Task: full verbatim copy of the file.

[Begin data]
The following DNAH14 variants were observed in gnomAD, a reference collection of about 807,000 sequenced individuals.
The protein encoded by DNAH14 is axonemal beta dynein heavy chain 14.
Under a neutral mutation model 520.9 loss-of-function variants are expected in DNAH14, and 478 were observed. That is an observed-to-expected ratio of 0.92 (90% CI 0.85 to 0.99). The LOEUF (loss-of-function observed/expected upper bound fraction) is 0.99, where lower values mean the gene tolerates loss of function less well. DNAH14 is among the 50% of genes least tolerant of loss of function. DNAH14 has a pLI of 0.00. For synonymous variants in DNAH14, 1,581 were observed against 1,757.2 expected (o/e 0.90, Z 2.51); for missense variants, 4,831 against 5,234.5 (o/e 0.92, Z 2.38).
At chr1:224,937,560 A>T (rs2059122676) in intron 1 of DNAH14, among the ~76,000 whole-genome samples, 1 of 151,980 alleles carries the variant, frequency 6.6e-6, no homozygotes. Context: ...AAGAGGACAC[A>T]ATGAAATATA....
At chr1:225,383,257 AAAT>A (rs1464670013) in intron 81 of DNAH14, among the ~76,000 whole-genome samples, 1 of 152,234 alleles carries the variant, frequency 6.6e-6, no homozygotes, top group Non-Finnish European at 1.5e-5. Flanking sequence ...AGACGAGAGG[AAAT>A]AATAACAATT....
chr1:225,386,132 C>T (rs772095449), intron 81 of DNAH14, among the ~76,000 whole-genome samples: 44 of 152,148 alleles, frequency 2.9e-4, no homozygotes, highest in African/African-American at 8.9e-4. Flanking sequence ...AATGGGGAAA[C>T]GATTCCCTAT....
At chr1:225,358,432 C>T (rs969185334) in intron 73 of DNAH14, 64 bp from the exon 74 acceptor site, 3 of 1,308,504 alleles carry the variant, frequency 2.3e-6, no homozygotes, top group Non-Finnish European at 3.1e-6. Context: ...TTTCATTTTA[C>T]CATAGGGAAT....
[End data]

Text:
The following DNAH14 variants were observed in gnomAD, a reference collection of about 807,000 sequenced individuals.
The protein encoded by DNAH14 is axonemal beta dynein heavy chain 14.
Under a neutral mutation model 520.9 loss-of-function variants are expected in DNAH14, and 478 were observed. That is an observed-to-expected ratio of 0.92 (90% CI 0.85 to 0.99). The LOEUF (loss-of-function observed/expected upper bound fraction) is 0.99, where lower values mean the gene tolerates loss of function less well. DNAH14 is among the 50% of genes least tolerant of loss of function. DNAH14 has a pLI of 0.00. For synonymous variants in DNAH14, 1,581 were observed against 1,757.2 expected (o/e 0.90, Z 2.51); for missense variants, 4,831 against 5,234.5 (o/e 0.92, Z 2.38).
At chr1:224,937,560 A>T (rs2059122676) in intron 1 of DNAH14, among the ~76,000 whole-genome samples, 1 of 151,980 alleles carries the variant, frequency 6.6e-6, no homozygotes. Context: ...AAGAGGACAC[A>T]ATGAAATATA....
At chr1:225,383,257 AAAT>A (rs1464670013) in intron 81 of DNAH14, among the ~76,000 whole-genome samples, 1 of 152,234 alleles carries the variant, frequency 6.6e-6, no homozygotes, top group Non-Finnish European at 1.5e-5. Flanking sequence ...AGACGAGAGG[AAAT>A]AATAACAATT....
chr1:225,386,132 C>T (rs772095449), intron 81 of DNAH14, among the ~76,000 whole-genome samples: 44 of 152,148 alleles, frequency 2.9e-4, no homozygotes, highest in African/African-American at 8.9e-4. Flanking sequence ...AATGGGGAAA[C>T]GATTCCCTAT....
At chr1:225,358,432 C>T (rs969185334) in intron 73 of DNAH14, 64 bp from the exon 74 acceptor site, 3 of 1,308,504 alleles carry the variant, frequency 2.3e-6, no homozygotes, top group Non-Finnish European at 3.1e-6. Context: ...TTTCATTTTA[C>T]CATAGGGAAT....